Most homeowners refinance their home loans to lower their mortgage rates, but other factors can impact your decision to refinance or not. The following considerations can help you answer the question, "Should I refinance my mortgage?"
Considerations: Should You Refinance Your Home?
Your reason(s) for refinancing
Depending on your needs, refinancing your mortgage may or may not be your best option. For example, refinancing to pay for college costs may not be the best plan if unsecured government-sponsored student loans are available at comparable or lower rates.
Closing costs take a bite out of potential savings
Remember to include closing costs when calculating potential advantages and savings associated with refinancing.
Break even on refinancing
It can take several years to realize savings from a refinance. Some lenders will simply tell you to divide the closing costs by the difference in the new and old mortgage payments. However, some (perhaps MOST) of that difference is not savings; it's simply the result of stretching out the repayment of your remaining balance over a new term. In fact, refinancing could cause you to pay more over the life of the loan. The best way to find your true breakeven is by using LendingTree's Refinance Breakeven calculator, which calculates your breakeven four different ways and tells you what your true savings are. In addition, it tells you what your savings would be if you refinance to a shorter term with a higher payment.
Cash-out refinance can provide funds for debt consolidation. If you're paying double-digit finance charges, late fees and membership fees, or you're stressed out over debt management issues, a cash-out refinance can help by consolidating several debts into a refinance. However, while mortgage rates are lower than rates for credit cards and consumer loans, the longer mortgage term can reduce or eliminate potential savings over time. You'll also need to deduct closing costs from any potential savings resulting from debt consolidation through refinancing your mortgage. The most important factor in deciding whether or not to refinance for debt consolidation is understanding how you got into debt in the first place. Otherwise, you could end up with more mortgage debt and more bills. A home equity loan or line of credit can also provide funds for consolidating debt without the higher cost of refinancing. It's important to keep in mind that debt consolidation does not pay off your debt; it only moves debt from one or more accounts to another.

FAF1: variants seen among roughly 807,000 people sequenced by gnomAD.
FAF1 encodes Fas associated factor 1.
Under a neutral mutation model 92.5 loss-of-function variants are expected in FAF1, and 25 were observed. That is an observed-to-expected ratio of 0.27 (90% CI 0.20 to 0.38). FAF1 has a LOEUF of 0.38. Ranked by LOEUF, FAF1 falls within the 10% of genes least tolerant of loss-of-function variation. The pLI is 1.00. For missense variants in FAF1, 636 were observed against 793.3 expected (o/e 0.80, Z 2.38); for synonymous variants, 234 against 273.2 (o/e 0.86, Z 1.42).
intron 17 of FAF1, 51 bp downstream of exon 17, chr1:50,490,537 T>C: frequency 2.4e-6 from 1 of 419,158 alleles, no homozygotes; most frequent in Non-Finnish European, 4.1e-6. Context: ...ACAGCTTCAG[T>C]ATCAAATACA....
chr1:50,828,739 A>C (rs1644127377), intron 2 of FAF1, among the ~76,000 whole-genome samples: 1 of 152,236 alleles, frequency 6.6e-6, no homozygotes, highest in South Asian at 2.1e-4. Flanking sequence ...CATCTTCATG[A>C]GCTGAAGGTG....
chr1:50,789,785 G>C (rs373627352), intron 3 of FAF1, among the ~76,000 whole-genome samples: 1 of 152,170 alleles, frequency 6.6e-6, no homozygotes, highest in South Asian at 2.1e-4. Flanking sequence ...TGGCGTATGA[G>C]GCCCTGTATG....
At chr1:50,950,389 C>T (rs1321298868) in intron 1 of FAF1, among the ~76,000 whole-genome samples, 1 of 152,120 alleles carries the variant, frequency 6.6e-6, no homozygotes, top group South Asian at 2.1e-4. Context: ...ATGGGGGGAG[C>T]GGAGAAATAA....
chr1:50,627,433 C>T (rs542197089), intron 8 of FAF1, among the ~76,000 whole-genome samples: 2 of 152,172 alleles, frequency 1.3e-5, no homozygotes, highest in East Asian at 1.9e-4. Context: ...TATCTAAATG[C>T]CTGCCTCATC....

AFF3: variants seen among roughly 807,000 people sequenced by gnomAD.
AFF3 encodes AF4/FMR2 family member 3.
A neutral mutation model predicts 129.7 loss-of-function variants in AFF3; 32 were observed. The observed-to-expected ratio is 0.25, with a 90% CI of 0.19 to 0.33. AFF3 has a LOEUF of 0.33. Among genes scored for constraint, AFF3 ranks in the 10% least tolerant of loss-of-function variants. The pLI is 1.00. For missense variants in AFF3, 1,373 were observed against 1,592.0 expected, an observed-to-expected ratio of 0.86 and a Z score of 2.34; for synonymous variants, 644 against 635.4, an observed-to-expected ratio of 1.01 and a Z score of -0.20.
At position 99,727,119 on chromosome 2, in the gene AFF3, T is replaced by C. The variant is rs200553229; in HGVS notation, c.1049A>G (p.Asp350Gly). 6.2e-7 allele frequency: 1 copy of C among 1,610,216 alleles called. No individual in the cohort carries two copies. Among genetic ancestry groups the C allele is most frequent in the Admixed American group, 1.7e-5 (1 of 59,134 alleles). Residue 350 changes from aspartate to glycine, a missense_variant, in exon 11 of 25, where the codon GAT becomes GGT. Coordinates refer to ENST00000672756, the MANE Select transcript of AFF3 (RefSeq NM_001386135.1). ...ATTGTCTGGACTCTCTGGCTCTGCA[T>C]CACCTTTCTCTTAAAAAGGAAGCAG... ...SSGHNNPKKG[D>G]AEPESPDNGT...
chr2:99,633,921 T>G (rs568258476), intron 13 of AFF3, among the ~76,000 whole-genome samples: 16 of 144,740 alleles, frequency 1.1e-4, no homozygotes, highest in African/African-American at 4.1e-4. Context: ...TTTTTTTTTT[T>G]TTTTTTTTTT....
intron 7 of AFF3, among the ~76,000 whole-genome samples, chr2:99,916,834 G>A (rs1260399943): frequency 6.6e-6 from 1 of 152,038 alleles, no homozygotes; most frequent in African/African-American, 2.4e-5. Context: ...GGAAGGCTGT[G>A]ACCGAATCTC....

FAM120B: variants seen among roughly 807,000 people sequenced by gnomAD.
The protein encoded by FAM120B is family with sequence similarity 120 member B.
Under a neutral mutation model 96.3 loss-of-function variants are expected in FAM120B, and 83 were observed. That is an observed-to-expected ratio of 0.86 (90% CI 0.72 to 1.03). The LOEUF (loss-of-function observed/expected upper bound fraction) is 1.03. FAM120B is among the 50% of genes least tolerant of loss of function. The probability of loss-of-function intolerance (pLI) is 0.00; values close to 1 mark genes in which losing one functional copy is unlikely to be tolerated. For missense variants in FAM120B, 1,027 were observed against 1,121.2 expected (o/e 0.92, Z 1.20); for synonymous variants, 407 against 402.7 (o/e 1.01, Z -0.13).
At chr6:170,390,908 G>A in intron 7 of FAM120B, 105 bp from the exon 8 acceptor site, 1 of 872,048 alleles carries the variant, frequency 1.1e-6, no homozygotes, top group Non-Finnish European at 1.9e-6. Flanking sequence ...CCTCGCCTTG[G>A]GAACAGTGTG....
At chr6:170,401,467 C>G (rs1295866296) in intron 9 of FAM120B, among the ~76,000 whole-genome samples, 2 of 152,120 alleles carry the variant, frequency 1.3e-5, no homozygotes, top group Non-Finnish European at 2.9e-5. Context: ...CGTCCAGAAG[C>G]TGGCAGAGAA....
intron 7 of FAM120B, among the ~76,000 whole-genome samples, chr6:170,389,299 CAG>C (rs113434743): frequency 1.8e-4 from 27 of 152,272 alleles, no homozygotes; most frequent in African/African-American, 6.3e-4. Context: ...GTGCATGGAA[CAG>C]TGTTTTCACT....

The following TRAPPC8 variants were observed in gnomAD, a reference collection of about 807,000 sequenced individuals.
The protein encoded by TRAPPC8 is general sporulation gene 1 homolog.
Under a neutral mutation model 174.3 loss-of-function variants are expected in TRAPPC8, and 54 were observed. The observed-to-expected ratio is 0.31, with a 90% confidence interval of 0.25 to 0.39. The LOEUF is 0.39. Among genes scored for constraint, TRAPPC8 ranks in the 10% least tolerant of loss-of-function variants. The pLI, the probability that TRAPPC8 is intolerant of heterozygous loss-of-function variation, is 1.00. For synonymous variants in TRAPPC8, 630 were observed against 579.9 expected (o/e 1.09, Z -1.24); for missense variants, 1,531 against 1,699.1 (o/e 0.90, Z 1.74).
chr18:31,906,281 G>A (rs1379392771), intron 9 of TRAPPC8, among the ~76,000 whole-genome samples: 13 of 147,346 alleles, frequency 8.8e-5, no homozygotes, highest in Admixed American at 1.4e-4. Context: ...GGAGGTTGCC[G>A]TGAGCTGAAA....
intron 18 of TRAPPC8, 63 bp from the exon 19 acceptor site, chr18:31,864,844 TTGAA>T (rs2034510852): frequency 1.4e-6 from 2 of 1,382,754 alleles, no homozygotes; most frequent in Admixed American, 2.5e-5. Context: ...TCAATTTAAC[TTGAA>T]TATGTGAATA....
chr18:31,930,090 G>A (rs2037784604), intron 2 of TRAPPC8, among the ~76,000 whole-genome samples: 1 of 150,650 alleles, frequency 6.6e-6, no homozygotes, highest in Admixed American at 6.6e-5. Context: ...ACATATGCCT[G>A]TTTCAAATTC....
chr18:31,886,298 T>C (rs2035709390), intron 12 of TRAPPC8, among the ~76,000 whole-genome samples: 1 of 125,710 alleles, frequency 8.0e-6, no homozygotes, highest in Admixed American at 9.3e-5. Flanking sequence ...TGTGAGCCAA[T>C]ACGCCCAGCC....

Refinance to shorter loan term
If you're refinancing to lower your mortgage rate and can afford higher mortgage payments, consider refinancing to a shorter mortgage term. This can potentially save thousands of dollars in interest paid over the life of your refinance loan, and you'll pay off your mortgage faster.
Home renovation and remodeling
If you want to remodel or renovate your home, refinancing to a HUD 203(k) mortgage can help by rolling construction costs into a new mortgage that's based on your home's value after improvements are completed. Less extensive projects can be funded with a cash-out refinance or a home equity line of credit, which allows you to pay for expenses as needed.
Refinancing and Home Equity
Your home equity is the difference between your home's current appraised value and the amounts of any mortgages owed against it. A cash-out refinance increases your mortgage balance and reduces your home equity. The Federal Trade Commission advises homeowners that this can be risky; if you later have a financial hardship, you'll have higher mortgage payments and less home equity. Foreclosure could become a serious risk. Housing market conditions change; if you refinance with cash out and your home value later falls, you could risk owing more on your home than it's worth.
Considering these factors can help answer the question, "Should I refinance?" The LendingTree network of mortgage lenders can provide mortgage quotes and answer questions about refinancing options.